Somali officials say security forces have killed the gunmen who attacked a popular Mogadishu hotel, bringing the death toll from the assault to 24.
Security Minister Abdirisak Omar Mohamed tells VOA’s Somali Service that security forces killed the three gunmen during a shootout in the Ambassador Hotel Thursday morning, and rescued 57 hostages the attackers had held overnight.
The attack began late Wednesday afternoon with a car bomb blast outside the hotel that killed a fourth attacker. Afterward, gunmen went floor to floor in the hotel, opening fire on hotel guests.
Omar says at least 17 people — 12 civilians, three security guards and two members of parliament — were killed in or around the hotel. The director of Mogadishu's Madina Hospital said three other shooting victims brought to the hospital died of their wounds.
A general view shows the scene of a suicide car bombing outside Hotel Ambassador on Maka Al Mukaram Road in Somalia's capital Mogadishu, June 1, 2016.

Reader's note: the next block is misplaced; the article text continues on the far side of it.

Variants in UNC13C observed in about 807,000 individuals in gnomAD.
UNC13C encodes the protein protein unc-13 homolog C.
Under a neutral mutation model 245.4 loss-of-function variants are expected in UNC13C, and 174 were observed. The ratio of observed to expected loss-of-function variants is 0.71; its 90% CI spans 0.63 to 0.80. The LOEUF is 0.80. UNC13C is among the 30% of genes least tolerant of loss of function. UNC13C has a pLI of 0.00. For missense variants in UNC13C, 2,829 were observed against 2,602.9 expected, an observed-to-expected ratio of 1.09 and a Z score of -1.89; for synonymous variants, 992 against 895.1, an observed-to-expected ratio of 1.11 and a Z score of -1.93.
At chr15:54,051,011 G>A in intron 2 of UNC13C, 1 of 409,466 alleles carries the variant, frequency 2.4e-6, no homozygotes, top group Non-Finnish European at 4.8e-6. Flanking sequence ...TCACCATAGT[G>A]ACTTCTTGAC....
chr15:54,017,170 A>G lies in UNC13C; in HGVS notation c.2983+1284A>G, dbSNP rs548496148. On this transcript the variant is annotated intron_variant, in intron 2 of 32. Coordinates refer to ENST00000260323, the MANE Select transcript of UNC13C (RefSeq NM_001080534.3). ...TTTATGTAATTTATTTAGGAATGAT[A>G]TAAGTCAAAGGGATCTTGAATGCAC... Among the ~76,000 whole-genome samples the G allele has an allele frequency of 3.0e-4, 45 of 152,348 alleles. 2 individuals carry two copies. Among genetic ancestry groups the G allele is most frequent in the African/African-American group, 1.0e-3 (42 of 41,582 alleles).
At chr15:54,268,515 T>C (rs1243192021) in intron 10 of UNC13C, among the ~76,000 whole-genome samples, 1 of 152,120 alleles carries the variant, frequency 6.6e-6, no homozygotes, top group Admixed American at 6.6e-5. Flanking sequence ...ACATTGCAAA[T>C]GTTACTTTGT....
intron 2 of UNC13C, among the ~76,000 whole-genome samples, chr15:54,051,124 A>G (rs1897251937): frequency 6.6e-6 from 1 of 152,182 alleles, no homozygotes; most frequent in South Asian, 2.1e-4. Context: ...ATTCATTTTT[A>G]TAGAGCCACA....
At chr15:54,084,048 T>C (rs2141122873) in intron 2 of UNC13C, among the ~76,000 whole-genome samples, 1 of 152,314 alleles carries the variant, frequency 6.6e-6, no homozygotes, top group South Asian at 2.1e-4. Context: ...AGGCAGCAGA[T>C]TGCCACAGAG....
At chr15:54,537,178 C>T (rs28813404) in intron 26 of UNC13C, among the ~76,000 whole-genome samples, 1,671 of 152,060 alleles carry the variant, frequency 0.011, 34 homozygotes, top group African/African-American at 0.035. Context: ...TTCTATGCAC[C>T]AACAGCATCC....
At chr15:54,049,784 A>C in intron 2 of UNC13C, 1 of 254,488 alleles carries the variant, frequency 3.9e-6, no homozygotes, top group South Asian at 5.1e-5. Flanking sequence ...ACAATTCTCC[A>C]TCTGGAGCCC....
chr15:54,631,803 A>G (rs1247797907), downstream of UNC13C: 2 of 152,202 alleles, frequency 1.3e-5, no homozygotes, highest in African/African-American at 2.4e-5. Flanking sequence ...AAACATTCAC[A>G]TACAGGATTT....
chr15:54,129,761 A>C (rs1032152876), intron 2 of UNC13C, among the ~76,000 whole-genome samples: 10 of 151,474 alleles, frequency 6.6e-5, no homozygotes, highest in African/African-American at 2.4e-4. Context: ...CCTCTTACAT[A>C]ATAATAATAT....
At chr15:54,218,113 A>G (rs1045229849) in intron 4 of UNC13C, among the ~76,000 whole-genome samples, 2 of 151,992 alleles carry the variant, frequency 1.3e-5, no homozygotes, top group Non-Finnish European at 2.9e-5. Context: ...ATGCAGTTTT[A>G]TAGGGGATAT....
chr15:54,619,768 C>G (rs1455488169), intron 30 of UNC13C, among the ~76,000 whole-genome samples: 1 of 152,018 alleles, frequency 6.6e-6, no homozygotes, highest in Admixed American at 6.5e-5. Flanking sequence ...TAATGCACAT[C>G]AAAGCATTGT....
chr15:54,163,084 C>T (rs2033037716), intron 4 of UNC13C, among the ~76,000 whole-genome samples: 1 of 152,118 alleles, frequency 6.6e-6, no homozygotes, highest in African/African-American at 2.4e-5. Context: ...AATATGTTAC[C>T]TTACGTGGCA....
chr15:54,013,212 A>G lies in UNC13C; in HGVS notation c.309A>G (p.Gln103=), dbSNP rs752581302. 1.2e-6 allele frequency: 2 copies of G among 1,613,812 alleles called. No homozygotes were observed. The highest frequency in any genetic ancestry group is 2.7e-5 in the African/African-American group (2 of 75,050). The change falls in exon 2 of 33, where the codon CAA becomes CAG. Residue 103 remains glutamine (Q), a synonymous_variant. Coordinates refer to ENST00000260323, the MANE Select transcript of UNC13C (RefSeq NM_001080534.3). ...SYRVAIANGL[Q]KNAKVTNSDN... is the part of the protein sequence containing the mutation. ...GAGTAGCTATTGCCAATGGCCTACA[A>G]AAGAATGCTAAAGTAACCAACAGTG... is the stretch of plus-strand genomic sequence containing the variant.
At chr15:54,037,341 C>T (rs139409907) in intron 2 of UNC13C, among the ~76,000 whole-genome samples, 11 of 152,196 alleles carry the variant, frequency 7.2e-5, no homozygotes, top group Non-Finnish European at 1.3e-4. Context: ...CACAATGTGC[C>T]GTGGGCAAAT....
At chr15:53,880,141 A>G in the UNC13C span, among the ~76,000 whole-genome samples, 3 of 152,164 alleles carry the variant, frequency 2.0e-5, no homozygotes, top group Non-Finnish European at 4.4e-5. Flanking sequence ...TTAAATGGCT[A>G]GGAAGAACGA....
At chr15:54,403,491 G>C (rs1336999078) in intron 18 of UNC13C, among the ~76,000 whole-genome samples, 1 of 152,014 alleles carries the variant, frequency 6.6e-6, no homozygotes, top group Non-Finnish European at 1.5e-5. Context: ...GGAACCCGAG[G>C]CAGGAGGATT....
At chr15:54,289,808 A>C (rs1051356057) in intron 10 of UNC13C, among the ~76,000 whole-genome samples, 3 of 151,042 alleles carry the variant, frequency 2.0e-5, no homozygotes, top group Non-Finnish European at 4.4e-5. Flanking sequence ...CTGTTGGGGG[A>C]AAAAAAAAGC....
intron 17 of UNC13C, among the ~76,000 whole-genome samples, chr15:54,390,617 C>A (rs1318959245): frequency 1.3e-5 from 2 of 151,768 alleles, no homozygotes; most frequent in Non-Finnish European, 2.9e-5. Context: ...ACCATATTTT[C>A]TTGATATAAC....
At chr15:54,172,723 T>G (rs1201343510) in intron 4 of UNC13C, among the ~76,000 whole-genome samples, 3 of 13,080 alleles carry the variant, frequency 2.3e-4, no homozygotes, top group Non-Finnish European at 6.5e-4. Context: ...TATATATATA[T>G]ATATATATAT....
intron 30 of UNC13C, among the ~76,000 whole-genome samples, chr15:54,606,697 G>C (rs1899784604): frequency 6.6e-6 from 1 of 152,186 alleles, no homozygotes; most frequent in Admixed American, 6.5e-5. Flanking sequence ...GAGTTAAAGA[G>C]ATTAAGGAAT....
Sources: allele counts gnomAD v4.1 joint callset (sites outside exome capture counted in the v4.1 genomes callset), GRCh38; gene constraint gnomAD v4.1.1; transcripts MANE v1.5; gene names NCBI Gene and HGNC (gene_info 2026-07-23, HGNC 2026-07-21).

The Somali militant group al-Shabab has claimed responsibility for the attack, saying it targeted the hotel because it is used by Somali government officials. The hotel sits on the city’s strategic Maka-al-Mukarama road, near the presidential palace.
Al-Shabab has carried out similar assaults on hotels in the past. An attack on the Sahafi Hotel last November killed at least 12 people, while an attack on the Maka-al-Mukarama Hotel in March 2015 killed at least 20.
Al-Shabab commander killed
Wednesday's attack came just hours after Somali officials announced a top al-Shabab commander had been killed in southern Somalia. Mohamed Mohamud, better known as Dulyadeyn, allegedly masterminded the April 2015 attack on Kenya's Garissa University College that left 148 people dead, nearly all of them students.
A U.S. military spokesperson, Lieutenant Colonel Michelle Baldanza, said Thursday that the U.S. is working with Somali officials to assess the results of the operation.
She said the ground operation was carried out by the Somali National Army, with the U.S. playing an "advise and assist" role.
A U.S. official tells VOA that the American advisors were "at a different location, at a safe location" during the early Wednesday morning raid.
A small number of U.S. military personnel are in Somalia, helping the government and the African Union force known as AMISOM combat al-Shabab.
The Pentagon Wednesday reported an airstrike in south-central Somalia on May 27 that targeted Abdullahi Haji Daud, a senior al-Shabab military commander and attack planner. Pentagon Press Secretary Peter Cook said the U.S. is still assessing the results of that attack.
VOA Pentagon correspondent Carla Babb contributed to this report.